Going to that college connected me with pretty much all the work I’ve ever done. For instance, the band I met Koby in and the drum and bass band people. I wouldn’t have gone into that band if I hadn’t been friends with the person who’s now my best friend. She was in that band and the only reason she was there was because one of the tutors from the school offered her to go into it as a backing vocalist.
From that, I started working with Koby and – another link from there – with a drum and bass band. My sister wouldn’t have even met her husband – put it that way – if I hadn’t gone to that college all those years ago. It’s weird how that pans out. If I hand’t done that, would my nephew be here now? It’s weird, isn’t it.
Do you work as a full-time musician?
Yeah, I’ve had moments where I’ve gone off and had to do little bits of extra work. Usually, for me, it’s everything from May to January where I have manic periods. February, March and April are usually quiet. Particularly April is very quiet. I’ve had four or five gigs and they’re usually quite little ones.
Is that a British thing?
That’s a British thing. I think the American industry is different, from what I know. I think if you’re in the record company thing, making it as an artist or writer or something, I don’t think there’s the same amount of work. There’s just bars and restaurant and stuff like that.
With England, I think it’s easier to get work. I know Germany is insane. There are musicians out there that get paid 500 Euros ‘cos they’ve got so many conventions and stuff like that. Like, they’ll have a big Audi convention. So the whole thing out there is to have a live band to entertain the clients who come over. So the musician will have like a Monday-to-Friday job and get paid 500 Euros a night. That’s a good wage. (laughs) In England, there’s more the weekends and a few evenings. There are different circuits. There’s the backing vocals and then there’s the theater circuit and the party bands.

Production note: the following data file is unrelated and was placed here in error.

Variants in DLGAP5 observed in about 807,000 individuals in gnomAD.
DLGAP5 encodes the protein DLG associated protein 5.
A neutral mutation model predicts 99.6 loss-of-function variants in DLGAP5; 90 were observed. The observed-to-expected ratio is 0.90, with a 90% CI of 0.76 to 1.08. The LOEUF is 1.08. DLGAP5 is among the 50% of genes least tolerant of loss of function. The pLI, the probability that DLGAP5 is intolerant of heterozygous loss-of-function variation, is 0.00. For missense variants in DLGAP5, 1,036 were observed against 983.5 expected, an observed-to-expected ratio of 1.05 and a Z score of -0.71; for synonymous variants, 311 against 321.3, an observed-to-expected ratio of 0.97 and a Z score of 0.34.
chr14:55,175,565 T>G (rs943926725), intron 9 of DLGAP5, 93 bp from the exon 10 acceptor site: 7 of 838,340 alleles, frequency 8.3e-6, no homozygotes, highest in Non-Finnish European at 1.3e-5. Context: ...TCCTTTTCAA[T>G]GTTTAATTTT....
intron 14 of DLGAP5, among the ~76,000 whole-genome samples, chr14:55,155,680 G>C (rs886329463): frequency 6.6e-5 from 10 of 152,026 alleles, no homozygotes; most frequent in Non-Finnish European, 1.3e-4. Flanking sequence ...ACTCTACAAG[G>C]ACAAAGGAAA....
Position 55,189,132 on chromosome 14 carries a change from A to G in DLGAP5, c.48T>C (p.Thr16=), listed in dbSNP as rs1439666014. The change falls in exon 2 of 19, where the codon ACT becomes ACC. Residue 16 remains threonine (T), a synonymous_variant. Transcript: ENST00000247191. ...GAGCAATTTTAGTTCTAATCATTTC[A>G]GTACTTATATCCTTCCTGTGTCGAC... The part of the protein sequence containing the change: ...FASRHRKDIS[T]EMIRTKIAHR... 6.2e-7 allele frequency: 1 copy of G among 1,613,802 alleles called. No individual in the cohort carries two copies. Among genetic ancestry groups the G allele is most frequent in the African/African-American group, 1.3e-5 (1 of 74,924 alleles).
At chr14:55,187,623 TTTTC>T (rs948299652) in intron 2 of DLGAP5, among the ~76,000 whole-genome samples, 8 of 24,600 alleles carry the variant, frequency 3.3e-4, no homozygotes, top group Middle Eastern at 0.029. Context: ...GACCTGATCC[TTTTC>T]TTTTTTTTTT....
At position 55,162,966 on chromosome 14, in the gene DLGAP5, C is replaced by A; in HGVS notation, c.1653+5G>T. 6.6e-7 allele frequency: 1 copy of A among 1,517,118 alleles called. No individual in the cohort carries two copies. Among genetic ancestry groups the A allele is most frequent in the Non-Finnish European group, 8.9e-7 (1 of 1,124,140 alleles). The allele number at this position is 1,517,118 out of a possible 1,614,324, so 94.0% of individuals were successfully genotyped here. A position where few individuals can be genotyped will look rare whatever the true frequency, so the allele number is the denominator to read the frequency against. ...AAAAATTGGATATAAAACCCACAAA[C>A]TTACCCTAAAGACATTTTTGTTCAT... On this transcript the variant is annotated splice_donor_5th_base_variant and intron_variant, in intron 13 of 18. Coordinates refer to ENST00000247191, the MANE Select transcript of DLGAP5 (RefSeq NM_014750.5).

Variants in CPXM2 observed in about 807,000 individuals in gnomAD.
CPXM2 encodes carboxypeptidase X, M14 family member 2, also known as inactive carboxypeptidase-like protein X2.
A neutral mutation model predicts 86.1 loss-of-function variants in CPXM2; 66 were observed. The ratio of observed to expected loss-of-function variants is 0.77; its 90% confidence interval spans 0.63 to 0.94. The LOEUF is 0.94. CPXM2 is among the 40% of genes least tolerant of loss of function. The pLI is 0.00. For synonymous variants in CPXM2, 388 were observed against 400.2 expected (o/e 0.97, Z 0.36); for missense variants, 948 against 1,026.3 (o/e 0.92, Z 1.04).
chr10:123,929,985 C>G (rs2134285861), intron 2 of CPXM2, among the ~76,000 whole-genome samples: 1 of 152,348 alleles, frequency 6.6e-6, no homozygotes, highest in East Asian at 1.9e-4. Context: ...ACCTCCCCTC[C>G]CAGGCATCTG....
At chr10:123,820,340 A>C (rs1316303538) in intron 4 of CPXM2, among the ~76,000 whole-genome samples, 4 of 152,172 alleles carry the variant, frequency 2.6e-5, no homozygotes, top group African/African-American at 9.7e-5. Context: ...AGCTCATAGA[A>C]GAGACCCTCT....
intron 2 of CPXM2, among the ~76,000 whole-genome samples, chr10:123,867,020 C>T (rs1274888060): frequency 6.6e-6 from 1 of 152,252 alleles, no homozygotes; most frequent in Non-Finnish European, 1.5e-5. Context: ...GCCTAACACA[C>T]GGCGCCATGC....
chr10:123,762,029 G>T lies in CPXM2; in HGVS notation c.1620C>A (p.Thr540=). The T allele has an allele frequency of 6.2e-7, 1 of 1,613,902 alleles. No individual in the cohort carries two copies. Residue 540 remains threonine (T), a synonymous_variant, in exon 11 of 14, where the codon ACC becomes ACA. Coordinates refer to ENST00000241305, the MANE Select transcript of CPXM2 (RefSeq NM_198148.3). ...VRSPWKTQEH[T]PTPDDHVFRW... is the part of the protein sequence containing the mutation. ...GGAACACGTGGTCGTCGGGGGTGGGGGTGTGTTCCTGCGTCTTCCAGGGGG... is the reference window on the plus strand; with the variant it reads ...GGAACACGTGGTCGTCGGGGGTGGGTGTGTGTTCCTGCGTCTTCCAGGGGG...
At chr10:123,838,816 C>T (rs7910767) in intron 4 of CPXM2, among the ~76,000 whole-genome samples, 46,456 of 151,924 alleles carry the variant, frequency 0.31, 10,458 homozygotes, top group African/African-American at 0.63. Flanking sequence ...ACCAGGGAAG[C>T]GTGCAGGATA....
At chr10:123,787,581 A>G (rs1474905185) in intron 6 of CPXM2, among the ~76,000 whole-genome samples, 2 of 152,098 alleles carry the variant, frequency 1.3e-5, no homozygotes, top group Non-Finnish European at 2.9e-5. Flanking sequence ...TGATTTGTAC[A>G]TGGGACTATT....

Tell me a bit about the creative process behind Heads Up. How did you decide to put out your first album?
Koby had a whole bunch of stuff on his computer that he’d already created and he’d be like, “How do you feel about this?” We’d kind of go from there. “It’s Life” was one of the songs where it really started to kick off as kind of a combined writing effort, you know? It’s very theatrical. It’s such a mental song.
That’s kind of how we work now, really. Koby can dance around all kinds of different instruments. He usually starts it from the piano and he’ll be messing around with a little sequence and I’ll go yay or nay. Or it might start on that but then we’re not really following through on that instrument, so we might change it to a guitar or accordion and then it might sort of inspire me a little bit more. And then I’ll sort of mumble lyrics while I’m working out the melody.
For me, the melody writes the lyrics. If I get the vibe that it’s going to be a moody song or a happy song or a sarky song or a love song. I can usually get the vibe from the melody. Then, I’ll think about what’s been going on in my life or my experiences. Maybe people I’ve been close to at that time. I’ll just pick that and I usually go online and start researching maybe famous quotes surrounding that topic.
I find that, as a lyricist, I don’t like to repeat myself too much. I noticed that on Heads Up I mention the heart a lot. And I’m like, “Bloody hell…” Then, in this album… I like going on about time, actually, in my lyrics.
I noticed. I think it’s good. It gives the record a common thread, in a way. In my reviews, I like to call it a “narrative coherence”.
“My Dreams” was another one where I started writing and I was like, “I can’t talk about dreams again.” So there’s this website called Rhyme Zone and you can have that as a thesaurus. You can sort of type in the word you’ve got so you can use another word or get some inspiration. For instance, in “Push It Away”, I needed something to rhyme with dreams, because I needed that pattern. I saw seems and I thought, “Actually, A second struck can cut your seems sounds a lot more poetic.” So that’s how, sometimes, things just happen by accident.
Do you study your own music?